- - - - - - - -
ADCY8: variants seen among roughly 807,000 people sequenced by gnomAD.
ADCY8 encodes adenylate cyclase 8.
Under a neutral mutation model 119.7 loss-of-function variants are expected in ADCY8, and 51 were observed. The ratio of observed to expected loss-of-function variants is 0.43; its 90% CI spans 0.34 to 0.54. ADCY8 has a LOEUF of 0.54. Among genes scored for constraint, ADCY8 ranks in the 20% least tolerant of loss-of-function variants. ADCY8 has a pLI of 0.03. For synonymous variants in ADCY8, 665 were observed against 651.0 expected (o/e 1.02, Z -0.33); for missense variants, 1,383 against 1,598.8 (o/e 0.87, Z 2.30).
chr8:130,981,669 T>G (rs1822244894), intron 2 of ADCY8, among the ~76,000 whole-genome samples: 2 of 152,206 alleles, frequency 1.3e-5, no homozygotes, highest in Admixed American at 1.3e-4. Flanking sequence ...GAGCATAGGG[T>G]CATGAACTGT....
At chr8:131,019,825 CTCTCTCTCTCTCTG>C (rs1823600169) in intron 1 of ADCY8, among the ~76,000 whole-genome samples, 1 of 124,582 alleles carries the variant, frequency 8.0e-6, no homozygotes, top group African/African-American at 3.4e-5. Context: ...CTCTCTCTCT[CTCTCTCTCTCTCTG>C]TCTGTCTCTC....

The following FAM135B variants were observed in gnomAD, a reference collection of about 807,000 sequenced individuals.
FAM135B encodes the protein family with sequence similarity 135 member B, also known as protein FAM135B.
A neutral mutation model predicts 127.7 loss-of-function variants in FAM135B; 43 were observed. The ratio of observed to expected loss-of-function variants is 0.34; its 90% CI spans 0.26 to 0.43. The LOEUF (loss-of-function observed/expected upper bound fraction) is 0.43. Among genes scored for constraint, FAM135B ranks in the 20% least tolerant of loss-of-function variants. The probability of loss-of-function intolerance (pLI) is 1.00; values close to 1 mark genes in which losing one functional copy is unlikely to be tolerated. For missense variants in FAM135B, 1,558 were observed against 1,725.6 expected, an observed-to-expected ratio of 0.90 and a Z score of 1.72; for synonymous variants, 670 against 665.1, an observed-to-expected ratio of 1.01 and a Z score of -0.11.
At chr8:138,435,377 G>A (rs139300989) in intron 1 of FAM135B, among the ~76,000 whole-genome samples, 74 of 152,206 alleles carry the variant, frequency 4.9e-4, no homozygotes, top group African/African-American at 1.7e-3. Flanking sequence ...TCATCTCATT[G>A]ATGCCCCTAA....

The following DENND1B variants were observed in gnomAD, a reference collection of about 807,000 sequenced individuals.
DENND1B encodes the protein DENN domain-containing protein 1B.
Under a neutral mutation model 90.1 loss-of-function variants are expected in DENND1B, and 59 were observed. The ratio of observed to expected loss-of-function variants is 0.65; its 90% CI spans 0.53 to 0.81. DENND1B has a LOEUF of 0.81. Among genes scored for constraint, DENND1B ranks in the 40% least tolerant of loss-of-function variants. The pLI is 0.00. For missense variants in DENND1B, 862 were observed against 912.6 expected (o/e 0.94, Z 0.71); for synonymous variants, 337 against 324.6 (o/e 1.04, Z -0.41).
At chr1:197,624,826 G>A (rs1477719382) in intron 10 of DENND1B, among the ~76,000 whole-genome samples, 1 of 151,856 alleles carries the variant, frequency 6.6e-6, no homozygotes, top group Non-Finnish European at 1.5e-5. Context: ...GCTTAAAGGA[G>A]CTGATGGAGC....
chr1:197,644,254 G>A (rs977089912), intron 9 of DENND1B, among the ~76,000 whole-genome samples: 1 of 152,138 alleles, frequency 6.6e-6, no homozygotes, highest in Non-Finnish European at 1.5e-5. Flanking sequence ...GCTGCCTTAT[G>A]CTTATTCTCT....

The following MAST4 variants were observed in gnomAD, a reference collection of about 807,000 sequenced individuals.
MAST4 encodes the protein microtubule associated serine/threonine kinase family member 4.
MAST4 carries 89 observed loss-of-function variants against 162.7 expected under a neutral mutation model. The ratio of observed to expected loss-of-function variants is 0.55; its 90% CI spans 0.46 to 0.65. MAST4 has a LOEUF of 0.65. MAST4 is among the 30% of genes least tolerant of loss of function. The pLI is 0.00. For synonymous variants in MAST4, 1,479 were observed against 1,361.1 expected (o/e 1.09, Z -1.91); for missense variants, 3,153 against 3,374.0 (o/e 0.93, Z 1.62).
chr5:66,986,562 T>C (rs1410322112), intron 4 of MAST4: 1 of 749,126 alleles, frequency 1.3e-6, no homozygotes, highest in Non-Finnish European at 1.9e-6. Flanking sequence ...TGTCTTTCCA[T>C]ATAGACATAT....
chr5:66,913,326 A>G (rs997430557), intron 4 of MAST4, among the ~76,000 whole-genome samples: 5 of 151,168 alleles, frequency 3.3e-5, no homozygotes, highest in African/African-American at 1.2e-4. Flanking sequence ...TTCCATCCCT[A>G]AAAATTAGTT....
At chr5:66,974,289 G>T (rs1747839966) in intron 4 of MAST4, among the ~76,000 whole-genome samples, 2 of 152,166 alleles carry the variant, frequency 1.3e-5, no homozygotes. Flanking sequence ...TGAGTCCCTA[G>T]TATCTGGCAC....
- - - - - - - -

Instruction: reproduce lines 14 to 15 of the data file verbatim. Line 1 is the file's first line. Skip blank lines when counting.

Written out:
chr1:197,644,254 G>A (rs977089912), intron 9 of DENND1B, among the ~76,000 whole-genome samples: 1 of 152,138 alleles, frequency 6.6e-6, no homozygotes, highest in Non-Finnish European at 1.5e-5. Flanking sequence ...GCTGCCTTAT[G>A]CTTATTCTCT....

The following MAST4 variants were observed in gnomAD, a reference collection of about 807,000 sequenced individuals.